Wednesday, September 02, 2015

UTSA Institute of Texan Cultures presents Puerto Rico showcase March 3

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(March 2, 2012) -- When the Institute of Texan Cultures observed the 40th anniversary of the Texas Folklife Festival, the museum made an invitation to the participating groups and cultures to present a day of celebration in the coming year. San Antonio's Puerto Rican community accepted the invitation and will host a Puerto Rico Cultural Showcase at the museum, 9 a.m. to 5 p.m., Saturday, March 3.

The event will include music and dance; workshops, lectures and displays; children's activities including take-home crafts; and cooking demonstrations of Puerto Rican foods.

Veteran Texas Folklife Festival performers Ballet Folklorico Boriken brought together a coalition of Puerto Rican heritage groups to stage the day's activities: musicians from Ecos de Puerto Rico Raices Campesinas and Pleneros de San Anton; and cultural organizations including the Puerto Rican Heritage Society and Club Damas de Puerto Rico.

"This is an opportunity to see a distinct culture come to life and to immerse our guests in the customs that are part of our Puerto Rican friends' and neighbors' unique identity," said Jo Ann Andera, Texas Folklife Festival director.

The Puerto Rican Cultural Showcase will include two music and dance revues during the day, 10:30 a.m.-noon and 3-4:30 p.m., featuring traditional songs by Ecos de Puerto Rico, Raices Campesinas and Pleneros de San Anton and live performances by Ballet Folklórico Borikèn.

"We are excited to present a day on Puerto Rican heritage at the Institute of Texan Cultures," said Olga Custodio, director of Ballet Folklorico Borikèn. "We are grateful to the museum and to the Texas Folklife Festival for welcoming the Puerto Rican community and giving us the opportunity to celebrate our heritage with San Antonio."

Exploring other aspects of Puerto Rican culture, guests will have an opportunity to sample Puerto Rican fare. Club Damas de Puerto Rico with support from La Marginal Restaurant will offer a cooking demonstration featuring Puerto Rican food staples -- bananas and plantains.

The Puerto Rican Heritage Society will complete the experience with a series of lectures, workshops and crafts for both children and adults. The ITC auditorium will have displays of Puerto Rican masks, woodwork, needlework and artifacts used in weddings, baptisms, births and other observances.

A special area for children will feature reading of selected Puerto Rican folktales such as "La Puerca de Juan Bobo" and take-home crafts including Puerto Rican masks, kites and flags.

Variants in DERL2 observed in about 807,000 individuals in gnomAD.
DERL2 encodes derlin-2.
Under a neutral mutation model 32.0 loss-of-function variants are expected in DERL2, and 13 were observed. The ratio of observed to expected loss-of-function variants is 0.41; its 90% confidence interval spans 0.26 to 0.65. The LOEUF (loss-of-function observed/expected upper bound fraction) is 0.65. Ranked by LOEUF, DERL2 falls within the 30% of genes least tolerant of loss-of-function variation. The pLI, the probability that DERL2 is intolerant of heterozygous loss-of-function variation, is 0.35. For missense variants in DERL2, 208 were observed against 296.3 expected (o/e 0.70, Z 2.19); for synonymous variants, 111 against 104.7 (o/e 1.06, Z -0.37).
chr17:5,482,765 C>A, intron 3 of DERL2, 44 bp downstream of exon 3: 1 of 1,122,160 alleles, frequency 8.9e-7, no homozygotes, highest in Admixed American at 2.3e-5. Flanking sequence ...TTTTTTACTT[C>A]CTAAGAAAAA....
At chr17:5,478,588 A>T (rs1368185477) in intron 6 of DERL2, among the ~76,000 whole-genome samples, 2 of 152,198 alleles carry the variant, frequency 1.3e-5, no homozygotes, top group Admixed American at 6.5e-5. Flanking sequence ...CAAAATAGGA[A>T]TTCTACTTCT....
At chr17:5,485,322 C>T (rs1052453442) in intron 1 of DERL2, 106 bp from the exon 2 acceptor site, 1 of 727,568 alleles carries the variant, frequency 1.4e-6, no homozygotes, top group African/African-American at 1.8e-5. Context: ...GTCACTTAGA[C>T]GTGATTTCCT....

The Institute of Texan Cultures is on the UTSA HemisFair Park Campus, 801 E. César E. Chávez Blvd., a short distance from the Alamo and the River Walk. Hours are 9 a.m.-5 p.m., Monday-Saturday; noon-5 p.m., Sunday. Admission is $8 for adults (ages 12-64); $7 for seniors (ages 65+); $6 for children (ages 3-11); free with membership, UTSA or Alamo Colleges identification. For more information, call 210-458-2300 or visit TexanCultures.com.

 

 

Did You Know?

Football standouts make Roadrunner history

For Ashaad Mabry and Triston Wade, football is not just a passing fancy. Both players were part of the UTSA football program almost from the beginning. When UTSA opens the 2015 season Thursday at Arizona, it will be the first time the Roadrunners take the field without them. But Mabry and Wade will still be playing football; their uniforms will just be a different color.

Mabry, a defensive tackle from San Antonio's MacArthur High School, was an honorable mention All-Conference USA selection his final two seasons as a Roadrunner and second among the team's defensive linemen with 49 tackles last year. Wade, a defensive back from Tyler, was the most decorated player in school history. He was a semifinalist for the 2014 Jim Thorpe Award – for the nation's top defensive back – a three-time all-conference honoree and two-year team captain who set a school record of 293 tackles in his career. Both men had outstanding college careers that allowed them to make UTSA history.

Did you know? Mabry and Wade both agreed to terms as undrafted free agents with the New Orleans Saints and Seattle Seahawks, respectively, becoming the first UTSA players to move to the professional ranks.

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